Any regular reader of this column will know that I have long advised collectors to buy a classic car because they want it, and to “leave the investing to the investors.”
If I were a politician, you might be tempted to say I’m “Flip-Flopping” because I’m tempted to change that advice. I prefer to think that I’m simply changing my mind in response to an economic environment that is affecting the classic car hobby/business in a way that I’ve not seen in my 30+ years of collecting cars. The classic car market has long been a realm inhabited by collectors, with a few investors thrown in whose interest just happened to be classic cars rather than stocks, or art, or gold.
But over the past five years, all of that has changed. Sophisticated investors noticed that the trajectory in the value of certain classic cars only went one way…up. They watched this trend continue for a few years, and they came to the realization that some of these trajectories far outperformed most of the conventional markets in which they were invested.
The key word in the preceding paragraph is “certain,” as in “certain classic cars.”
The investors, using tools that investors use, were able to identify some of these cars. But not all of them. As evidenced by auction sales prices, others are being discovered regularly. Not all classic cars have gone up in value during this time. In fact, some of the most iconic classic cars of all time, such as the ’57 Thunderbird, or ’57 Bel Air have actually come down in value.
It is said that everybody has 20-20 hindsight, so let’s look back at some of the cars that have enjoyed a surge in value over the last few years. Mercedes Benz 300SL, just about any Ferrari built prior to about 1964 (and a few after that), early Maseratis and Lamborghinis, L-88 and certain 427 powered Corvettes, and a host of other cars have seen their values increase by 100% to almost 1000% during this time period. Others that have just begun their move, and are on the radar of investors, include Porsche 356’s and Mercedes Benz 190SL’s as well as others.
What do all of these cars have in common? Some are performance cars, some are touring cars, and some are race cars disguised as street cars, but they were all built in very limited numbers. Most are heavily documented, and all share a universal recognition amongst collectors and investors alike.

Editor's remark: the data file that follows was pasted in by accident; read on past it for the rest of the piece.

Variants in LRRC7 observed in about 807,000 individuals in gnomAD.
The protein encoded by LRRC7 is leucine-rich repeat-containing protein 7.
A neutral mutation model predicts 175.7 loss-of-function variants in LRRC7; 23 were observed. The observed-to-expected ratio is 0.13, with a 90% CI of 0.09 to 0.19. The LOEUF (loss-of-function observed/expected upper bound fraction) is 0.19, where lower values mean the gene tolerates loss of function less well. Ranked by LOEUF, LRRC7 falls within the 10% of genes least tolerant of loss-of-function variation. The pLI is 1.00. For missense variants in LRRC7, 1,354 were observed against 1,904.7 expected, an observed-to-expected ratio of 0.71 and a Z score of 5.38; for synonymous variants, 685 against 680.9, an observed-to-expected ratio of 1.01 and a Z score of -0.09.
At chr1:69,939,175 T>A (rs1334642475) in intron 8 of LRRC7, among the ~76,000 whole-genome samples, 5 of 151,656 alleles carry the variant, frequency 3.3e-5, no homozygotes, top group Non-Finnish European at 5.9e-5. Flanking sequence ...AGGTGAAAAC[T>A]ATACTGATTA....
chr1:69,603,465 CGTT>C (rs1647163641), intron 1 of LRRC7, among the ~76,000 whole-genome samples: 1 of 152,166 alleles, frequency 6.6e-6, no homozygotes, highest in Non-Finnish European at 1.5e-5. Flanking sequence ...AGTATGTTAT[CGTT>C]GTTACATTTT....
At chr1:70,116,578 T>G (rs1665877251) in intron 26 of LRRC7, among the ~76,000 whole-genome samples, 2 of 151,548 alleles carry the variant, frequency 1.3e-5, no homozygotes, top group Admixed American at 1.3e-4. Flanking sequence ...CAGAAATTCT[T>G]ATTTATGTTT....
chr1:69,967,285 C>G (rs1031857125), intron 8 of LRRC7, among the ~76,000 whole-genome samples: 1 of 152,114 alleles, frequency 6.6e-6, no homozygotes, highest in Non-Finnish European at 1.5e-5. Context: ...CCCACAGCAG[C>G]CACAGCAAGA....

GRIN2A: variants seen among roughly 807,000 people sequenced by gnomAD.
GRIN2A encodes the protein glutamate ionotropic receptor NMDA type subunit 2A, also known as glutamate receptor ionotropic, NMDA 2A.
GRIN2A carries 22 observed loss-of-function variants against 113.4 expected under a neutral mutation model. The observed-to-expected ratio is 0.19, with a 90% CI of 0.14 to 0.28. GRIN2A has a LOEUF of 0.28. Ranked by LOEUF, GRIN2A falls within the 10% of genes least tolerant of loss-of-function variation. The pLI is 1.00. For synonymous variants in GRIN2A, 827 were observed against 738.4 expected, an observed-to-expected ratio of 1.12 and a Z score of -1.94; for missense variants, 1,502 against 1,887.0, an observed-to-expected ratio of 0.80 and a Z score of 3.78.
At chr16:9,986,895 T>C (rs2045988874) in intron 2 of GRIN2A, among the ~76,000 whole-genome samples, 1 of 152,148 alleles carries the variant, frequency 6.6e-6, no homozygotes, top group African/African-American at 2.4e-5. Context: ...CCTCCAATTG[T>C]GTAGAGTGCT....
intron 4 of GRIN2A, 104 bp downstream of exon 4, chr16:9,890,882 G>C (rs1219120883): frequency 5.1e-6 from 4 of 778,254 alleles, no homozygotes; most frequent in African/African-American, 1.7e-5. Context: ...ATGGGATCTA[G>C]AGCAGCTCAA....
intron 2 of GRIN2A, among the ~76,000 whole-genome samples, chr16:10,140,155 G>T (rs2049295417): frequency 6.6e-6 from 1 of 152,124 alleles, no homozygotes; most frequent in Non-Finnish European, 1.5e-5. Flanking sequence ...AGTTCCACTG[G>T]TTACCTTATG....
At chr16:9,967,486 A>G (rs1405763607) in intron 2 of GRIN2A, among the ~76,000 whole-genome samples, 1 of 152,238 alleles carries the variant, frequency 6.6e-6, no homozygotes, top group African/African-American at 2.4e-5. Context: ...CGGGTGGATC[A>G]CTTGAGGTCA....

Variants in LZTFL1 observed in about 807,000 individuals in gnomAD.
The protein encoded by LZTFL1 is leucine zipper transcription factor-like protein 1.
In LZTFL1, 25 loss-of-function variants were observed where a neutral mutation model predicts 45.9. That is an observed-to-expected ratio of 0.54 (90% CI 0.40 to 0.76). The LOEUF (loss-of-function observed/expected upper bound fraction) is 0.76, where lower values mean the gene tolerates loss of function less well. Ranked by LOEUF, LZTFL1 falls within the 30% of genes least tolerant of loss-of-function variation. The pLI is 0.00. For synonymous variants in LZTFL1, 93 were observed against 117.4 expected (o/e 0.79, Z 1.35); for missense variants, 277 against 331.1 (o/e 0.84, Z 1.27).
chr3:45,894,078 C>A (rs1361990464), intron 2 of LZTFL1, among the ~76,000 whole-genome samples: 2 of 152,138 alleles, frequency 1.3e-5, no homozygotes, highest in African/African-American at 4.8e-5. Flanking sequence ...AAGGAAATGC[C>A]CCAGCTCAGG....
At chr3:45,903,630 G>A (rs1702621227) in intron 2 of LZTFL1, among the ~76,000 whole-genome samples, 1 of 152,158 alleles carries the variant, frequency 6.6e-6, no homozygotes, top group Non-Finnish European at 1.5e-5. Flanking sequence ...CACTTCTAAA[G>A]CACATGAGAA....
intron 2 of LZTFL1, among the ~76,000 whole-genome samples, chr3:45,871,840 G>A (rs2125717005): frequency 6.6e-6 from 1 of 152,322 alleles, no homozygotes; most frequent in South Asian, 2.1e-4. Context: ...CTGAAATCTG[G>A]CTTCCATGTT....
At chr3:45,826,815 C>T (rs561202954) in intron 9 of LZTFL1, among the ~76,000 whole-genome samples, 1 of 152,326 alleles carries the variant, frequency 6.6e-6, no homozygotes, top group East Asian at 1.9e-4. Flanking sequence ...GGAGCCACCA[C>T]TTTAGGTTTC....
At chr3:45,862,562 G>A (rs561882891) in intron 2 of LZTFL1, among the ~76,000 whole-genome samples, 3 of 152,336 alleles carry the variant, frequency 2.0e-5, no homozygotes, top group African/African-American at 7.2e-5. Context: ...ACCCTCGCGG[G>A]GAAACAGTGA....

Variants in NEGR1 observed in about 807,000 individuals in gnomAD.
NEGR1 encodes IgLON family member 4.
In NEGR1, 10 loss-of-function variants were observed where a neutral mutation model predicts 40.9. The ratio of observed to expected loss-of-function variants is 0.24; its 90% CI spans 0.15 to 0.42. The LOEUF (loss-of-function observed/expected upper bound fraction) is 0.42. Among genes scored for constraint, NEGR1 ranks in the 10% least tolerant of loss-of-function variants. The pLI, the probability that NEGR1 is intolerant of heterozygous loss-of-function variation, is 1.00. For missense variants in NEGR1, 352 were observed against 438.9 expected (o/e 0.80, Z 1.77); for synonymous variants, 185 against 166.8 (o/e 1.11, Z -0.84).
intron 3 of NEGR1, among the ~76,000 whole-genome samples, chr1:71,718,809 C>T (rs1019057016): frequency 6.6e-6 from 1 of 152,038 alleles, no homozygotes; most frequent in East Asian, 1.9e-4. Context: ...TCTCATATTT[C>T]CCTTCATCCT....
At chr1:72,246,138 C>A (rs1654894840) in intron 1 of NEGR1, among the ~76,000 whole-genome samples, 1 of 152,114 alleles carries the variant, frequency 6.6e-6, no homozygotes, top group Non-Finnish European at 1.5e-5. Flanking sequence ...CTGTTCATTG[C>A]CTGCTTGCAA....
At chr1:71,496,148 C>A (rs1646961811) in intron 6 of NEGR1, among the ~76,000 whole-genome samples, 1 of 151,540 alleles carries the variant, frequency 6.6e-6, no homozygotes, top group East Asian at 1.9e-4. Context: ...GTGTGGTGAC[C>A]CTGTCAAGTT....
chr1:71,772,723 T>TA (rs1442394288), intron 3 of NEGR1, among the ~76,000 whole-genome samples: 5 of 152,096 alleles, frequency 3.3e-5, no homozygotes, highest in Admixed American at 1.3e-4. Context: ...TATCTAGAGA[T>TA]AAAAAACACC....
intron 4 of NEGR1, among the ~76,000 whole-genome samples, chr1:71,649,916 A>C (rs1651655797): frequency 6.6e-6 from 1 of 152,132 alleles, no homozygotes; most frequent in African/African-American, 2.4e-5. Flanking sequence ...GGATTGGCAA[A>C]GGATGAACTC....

Unless you live in a cave, you will recognize a Corvette, or a Porsche 356 or a Ferrari. And even if you do live in a cave, you may not know what a 300SL is, but you’ll know it’s something special when it is parked at the opening to your cave. To sum it up – rarity, provenance, and recognition seem to be what investors crave.
So how does that explain the phenomenal rise in values of cars like BMW Isettas, Messerschmidts and Fiat Jollys? It doesn’t. These cars were simply “discovered” overnight, so it seems. They have enjoyed this rise in value simply as a function of their popularity. I doubt they’ll come down significantly in value any time soon, but I also doubt that they’ll continue to appreciate very much in value.
Now you have a few indicators to look for in your search for the next rising star. Rarity, provenance, recognition and popularity. The first three are fairly easy to quantify. The last, not so easy. But even using these criteria is no guarantee for success. There’s an old saying in the collector car hobby: “Rare means that nobody wanted it then, and nobody wants it now.” This is largely true, even today.
So if you intend to mortgage your house to start investing in collector cars, you had better learn the strategies that investors use. I’ve built collections for investors in the past, and I’ll continue to do so in the future. In my opinion, the two most important things are to “diversify” and to know the true cost of your investment on an annual basis.
As any investor will tell you, you must diversify. If you buy only one car as an investment, and you are wrong, you’ve lost everything. Knowing the true cost of ownership is not as simple as it seems.
Investing is different from collecting. If you, as a collector, bought your 1969 Firebird 400 Convertible for $20,000 five years ago, and just sold it for $30,000, you made $10,000. If you as an investor did the same thing you probably lost money. You must factor in the cost of storage, insurance, maintenance and repairs, marketing (at sales time), and transportation (if you plan to bring it to a major auction). Don’t forget to factor in the cost of the money itself. Tying up $20,000 for five years has a real cost.
Opportunities still exist. It’s up to you to ferret them out. Just remember to take off your “collector hat” and put on your “investor hat.”